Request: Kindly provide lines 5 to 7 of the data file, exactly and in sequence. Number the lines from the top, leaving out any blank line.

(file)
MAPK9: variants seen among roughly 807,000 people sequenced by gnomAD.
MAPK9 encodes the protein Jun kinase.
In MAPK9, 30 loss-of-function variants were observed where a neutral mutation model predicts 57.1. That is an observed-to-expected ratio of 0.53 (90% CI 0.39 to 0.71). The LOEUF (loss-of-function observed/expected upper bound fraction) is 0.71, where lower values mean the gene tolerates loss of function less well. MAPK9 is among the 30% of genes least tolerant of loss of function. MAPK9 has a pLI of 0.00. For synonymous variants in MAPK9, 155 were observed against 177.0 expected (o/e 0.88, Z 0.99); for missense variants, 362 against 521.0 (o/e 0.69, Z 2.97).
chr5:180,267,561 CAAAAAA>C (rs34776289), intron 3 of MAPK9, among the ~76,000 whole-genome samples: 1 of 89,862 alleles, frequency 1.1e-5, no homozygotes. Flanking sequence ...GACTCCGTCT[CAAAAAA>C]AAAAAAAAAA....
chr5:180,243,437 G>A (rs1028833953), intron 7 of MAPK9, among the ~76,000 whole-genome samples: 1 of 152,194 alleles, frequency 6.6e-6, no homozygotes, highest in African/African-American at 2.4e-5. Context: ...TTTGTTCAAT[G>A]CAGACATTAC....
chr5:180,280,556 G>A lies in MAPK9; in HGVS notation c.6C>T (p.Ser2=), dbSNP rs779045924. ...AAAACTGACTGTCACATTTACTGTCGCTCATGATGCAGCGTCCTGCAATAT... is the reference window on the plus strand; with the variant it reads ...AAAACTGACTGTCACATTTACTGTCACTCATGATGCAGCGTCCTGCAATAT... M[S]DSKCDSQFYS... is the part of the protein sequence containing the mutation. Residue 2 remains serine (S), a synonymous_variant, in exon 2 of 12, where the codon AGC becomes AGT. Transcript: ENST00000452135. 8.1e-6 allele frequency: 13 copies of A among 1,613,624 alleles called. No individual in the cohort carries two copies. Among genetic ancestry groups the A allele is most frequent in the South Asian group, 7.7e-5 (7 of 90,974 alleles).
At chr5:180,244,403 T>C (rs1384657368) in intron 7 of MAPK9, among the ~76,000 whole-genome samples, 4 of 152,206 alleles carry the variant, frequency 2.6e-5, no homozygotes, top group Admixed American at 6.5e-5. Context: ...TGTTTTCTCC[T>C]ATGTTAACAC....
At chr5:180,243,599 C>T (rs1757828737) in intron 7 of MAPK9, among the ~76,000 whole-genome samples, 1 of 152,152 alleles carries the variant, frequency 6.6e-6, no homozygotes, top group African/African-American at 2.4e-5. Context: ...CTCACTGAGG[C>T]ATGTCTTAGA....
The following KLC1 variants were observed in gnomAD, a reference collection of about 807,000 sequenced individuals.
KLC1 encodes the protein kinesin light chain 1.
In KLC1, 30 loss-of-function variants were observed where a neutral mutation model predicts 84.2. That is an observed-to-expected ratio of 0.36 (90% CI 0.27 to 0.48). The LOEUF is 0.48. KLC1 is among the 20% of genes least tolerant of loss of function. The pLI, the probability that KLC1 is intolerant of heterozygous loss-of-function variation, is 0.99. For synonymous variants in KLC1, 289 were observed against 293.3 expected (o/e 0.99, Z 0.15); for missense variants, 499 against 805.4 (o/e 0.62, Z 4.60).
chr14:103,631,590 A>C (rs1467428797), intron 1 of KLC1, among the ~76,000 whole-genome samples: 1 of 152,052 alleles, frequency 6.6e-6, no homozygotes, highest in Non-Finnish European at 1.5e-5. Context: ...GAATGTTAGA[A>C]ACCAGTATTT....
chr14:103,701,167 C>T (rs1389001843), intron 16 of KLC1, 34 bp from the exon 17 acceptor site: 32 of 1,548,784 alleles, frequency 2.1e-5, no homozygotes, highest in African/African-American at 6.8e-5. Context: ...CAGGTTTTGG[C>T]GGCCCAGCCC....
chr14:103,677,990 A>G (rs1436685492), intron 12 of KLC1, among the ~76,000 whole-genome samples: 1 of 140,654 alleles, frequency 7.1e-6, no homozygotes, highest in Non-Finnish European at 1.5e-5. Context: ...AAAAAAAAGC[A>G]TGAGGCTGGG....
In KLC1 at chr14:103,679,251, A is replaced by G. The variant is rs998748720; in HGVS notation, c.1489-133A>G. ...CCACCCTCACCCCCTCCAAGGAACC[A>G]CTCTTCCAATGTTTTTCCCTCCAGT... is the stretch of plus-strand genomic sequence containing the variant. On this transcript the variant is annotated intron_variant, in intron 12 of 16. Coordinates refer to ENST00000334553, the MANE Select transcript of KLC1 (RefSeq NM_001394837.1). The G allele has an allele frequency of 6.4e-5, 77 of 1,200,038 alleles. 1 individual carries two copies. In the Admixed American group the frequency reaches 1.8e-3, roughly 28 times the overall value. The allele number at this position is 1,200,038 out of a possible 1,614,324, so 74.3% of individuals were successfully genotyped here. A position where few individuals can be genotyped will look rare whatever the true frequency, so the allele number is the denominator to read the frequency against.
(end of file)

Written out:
chr5:180,243,437 G>A (rs1028833953), intron 7 of MAPK9, among the ~76,000 whole-genome samples: 1 of 152,194 alleles, frequency 6.6e-6, no homozygotes, highest in African/African-American at 2.4e-5. Context: ...TTTGTTCAAT[G>A]CAGACATTAC....
chr5:180,280,556 G>A lies in MAPK9; in HGVS notation c.6C>T (p.Ser2=), dbSNP rs779045924. ...AAAACTGACTGTCACATTTACTGTCGCTCATGATGCAGCGTCCTGCAATAT... is the reference window on the plus strand; with the variant it reads ...AAAACTGACTGTCACATTTACTGTCACTCATGATGCAGCGTCCTGCAATAT... M[S]DSKCDSQFYS... is the part of the protein sequence containing the mutation. Residue 2 remains serine (S), a synonymous_variant, in exon 2 of 12, where the codon AGC becomes AGT. Transcript: ENST00000452135. 8.1e-6 allele frequency: 13 copies of A among 1,613,624 alleles called. No individual in the cohort carries two copies. Among genetic ancestry groups the A allele is most frequent in the South Asian group, 7.7e-5 (7 of 90,974 alleles).
At chr5:180,244,403 T>C (rs1384657368) in intron 7 of MAPK9, among the ~76,000 whole-genome samples, 4 of 152,206 alleles carry the variant, frequency 2.6e-5, no homozygotes, top group Admixed American at 6.5e-5. Context: ...TGTTTTCTCC[T>C]ATGTTAACAC....